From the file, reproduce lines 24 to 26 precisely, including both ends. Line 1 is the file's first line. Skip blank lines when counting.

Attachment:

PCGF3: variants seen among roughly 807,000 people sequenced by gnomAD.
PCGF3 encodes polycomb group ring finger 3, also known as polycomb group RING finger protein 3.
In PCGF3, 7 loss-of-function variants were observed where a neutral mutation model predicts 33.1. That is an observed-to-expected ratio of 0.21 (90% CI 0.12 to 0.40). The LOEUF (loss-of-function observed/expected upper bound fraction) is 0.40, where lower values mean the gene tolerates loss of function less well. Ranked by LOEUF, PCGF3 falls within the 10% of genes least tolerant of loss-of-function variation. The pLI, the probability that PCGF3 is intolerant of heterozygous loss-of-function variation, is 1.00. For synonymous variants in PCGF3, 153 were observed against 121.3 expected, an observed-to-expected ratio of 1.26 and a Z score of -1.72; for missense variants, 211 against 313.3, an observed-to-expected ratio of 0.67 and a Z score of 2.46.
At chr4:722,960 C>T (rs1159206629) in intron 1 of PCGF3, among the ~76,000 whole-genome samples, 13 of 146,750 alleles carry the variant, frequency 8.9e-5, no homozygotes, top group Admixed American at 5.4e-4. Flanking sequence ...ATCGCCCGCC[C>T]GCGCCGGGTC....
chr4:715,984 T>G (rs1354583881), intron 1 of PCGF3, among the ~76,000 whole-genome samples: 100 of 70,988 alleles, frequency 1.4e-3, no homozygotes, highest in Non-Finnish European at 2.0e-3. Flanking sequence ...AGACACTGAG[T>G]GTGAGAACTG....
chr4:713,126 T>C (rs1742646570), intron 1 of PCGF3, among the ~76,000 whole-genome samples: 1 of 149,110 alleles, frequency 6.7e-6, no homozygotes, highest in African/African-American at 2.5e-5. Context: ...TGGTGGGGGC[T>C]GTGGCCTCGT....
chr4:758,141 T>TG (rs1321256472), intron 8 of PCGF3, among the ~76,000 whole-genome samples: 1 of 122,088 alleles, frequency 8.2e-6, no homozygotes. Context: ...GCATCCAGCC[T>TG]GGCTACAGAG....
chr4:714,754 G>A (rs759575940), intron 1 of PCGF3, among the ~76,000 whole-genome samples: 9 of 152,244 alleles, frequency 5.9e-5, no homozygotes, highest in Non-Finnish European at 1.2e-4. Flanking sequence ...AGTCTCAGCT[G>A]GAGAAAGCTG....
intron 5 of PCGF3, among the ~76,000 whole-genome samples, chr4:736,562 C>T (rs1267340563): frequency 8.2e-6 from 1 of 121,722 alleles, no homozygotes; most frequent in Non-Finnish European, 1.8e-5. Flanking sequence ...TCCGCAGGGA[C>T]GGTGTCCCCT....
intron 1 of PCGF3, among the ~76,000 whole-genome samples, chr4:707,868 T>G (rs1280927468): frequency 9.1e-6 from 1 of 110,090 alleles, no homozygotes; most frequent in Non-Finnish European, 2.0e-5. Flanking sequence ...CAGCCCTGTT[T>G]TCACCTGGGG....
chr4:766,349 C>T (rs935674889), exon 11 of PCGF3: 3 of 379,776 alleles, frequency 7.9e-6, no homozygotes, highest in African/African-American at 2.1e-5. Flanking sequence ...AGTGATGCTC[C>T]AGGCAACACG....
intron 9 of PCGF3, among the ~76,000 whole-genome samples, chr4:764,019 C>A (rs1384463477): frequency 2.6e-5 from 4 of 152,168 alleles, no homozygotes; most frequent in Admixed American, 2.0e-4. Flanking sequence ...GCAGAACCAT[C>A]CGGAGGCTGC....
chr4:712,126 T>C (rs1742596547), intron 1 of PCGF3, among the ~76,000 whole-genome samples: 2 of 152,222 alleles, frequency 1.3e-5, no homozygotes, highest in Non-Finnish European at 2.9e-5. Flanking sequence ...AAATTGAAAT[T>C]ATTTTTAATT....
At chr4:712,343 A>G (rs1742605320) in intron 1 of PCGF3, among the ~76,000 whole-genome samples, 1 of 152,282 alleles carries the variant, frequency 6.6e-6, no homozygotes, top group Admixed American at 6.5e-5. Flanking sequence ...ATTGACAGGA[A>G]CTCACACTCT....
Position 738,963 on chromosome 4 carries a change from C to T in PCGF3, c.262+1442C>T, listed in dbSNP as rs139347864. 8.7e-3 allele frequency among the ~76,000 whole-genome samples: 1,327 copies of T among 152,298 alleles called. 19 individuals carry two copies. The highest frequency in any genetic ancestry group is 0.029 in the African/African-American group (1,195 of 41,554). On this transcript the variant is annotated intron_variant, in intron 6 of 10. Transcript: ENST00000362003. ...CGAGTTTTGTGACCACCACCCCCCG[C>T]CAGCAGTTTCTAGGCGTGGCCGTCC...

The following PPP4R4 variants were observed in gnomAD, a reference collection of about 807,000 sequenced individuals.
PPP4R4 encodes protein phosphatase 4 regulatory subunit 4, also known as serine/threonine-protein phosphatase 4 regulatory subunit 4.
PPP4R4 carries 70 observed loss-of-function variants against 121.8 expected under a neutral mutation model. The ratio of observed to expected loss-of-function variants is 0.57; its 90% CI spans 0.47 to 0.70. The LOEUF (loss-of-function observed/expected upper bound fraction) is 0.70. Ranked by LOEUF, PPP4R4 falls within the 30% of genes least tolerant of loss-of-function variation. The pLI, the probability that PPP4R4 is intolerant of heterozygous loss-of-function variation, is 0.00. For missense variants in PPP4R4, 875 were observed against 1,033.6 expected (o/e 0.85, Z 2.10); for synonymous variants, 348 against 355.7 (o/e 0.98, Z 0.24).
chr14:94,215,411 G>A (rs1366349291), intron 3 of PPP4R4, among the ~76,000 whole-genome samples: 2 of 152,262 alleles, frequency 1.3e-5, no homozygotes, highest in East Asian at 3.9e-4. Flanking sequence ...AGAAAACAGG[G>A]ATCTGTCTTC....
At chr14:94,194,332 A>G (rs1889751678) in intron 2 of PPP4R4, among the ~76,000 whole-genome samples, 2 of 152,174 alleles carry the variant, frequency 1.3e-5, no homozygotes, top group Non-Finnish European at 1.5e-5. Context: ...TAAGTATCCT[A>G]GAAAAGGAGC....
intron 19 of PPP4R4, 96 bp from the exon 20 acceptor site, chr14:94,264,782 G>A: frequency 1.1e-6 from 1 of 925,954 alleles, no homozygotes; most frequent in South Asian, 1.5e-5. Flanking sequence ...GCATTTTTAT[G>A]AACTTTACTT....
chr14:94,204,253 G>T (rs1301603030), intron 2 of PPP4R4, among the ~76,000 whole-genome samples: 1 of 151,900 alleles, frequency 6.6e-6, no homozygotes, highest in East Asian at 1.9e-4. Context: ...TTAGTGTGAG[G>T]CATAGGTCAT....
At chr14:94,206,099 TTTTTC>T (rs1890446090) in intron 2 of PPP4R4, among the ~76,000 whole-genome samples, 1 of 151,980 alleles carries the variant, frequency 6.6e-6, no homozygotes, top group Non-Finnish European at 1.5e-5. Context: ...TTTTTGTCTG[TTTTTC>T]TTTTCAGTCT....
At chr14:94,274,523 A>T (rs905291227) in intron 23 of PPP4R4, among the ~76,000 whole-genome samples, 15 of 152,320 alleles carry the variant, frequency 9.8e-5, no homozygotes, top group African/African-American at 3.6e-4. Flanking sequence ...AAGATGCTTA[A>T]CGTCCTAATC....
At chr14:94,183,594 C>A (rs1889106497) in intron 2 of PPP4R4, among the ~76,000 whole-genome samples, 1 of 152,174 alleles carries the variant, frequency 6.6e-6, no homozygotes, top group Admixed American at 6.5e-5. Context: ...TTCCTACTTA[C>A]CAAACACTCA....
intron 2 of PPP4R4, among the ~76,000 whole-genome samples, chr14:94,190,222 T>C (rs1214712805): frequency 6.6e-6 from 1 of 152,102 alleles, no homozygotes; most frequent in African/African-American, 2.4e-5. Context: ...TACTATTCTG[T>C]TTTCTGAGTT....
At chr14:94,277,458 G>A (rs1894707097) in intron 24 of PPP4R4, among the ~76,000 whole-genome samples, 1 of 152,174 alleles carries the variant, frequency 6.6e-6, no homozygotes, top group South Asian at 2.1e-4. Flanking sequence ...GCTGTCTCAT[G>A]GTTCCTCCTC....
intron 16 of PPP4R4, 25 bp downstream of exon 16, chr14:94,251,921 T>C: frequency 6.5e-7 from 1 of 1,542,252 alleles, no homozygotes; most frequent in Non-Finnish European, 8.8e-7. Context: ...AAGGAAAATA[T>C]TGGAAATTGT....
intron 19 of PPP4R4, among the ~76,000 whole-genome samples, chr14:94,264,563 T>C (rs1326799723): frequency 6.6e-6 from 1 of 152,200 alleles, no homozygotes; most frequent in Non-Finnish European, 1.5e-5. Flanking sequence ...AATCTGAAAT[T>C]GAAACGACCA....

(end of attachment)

At chr14:94,274,523 A>T (rs905291227) in intron 23 of PPP4R4, among the ~76,000 whole-genome samples, 15 of 152,320 alleles carry the variant, frequency 9.8e-5, no homozygotes, top group African/African-American at 3.6e-4. Flanking sequence ...AAGATGCTTA[A>T]CGTCCTAATC....
At chr14:94,183,594 C>A (rs1889106497) in intron 2 of PPP4R4, among the ~76,000 whole-genome samples, 1 of 152,174 alleles carries the variant, frequency 6.6e-6, no homozygotes, top group Admixed American at 6.5e-5. Context: ...TTCCTACTTA[C>A]CAAACACTCA....
intron 2 of PPP4R4, among the ~76,000 whole-genome samples, chr14:94,190,222 T>C (rs1214712805): frequency 6.6e-6 from 1 of 152,102 alleles, no homozygotes; most frequent in African/African-American, 2.4e-5. Context: ...TACTATTCTG[T>C]TTTCTGAGTT....